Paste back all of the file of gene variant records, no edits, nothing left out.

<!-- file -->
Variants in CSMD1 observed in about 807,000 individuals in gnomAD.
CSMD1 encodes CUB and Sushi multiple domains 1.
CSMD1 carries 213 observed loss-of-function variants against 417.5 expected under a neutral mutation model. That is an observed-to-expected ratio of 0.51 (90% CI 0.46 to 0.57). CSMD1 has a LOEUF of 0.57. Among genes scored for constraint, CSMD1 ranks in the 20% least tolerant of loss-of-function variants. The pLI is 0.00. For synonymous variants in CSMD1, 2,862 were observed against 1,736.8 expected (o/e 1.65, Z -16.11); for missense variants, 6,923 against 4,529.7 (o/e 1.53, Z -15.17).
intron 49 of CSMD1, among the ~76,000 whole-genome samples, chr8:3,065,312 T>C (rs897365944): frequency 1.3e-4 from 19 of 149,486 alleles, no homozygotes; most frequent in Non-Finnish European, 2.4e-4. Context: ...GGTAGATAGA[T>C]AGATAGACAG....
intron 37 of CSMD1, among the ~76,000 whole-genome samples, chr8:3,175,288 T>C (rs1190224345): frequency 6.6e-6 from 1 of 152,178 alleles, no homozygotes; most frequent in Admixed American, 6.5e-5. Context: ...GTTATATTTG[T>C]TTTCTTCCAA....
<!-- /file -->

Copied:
Variants in CSMD1 observed in about 807,000 individuals in gnomAD.
CSMD1 encodes CUB and Sushi multiple domains 1.
CSMD1 carries 213 observed loss-of-function variants against 417.5 expected under a neutral mutation model. That is an observed-to-expected ratio of 0.51 (90% CI 0.46 to 0.57). CSMD1 has a LOEUF of 0.57. Among genes scored for constraint, CSMD1 ranks in the 20% least tolerant of loss-of-function variants. The pLI is 0.00. For synonymous variants in CSMD1, 2,862 were observed against 1,736.8 expected (o/e 1.65, Z -16.11); for missense variants, 6,923 against 4,529.7 (o/e 1.53, Z -15.17).
intron 49 of CSMD1, among the ~76,000 whole-genome samples, chr8:3,065,312 T>C (rs897365944): frequency 1.3e-4 from 19 of 149,486 alleles, no homozygotes; most frequent in Non-Finnish European, 2.4e-4. Context: ...GGTAGATAGA[T>C]AGATAGACAG....
intron 37 of CSMD1, among the ~76,000 whole-genome samples, chr8:3,175,288 T>C (rs1190224345): frequency 6.6e-6 from 1 of 152,178 alleles, no homozygotes; most frequent in Admixed American, 6.5e-5. Context: ...GTTATATTTG[T>C]TTTCTTCCAA....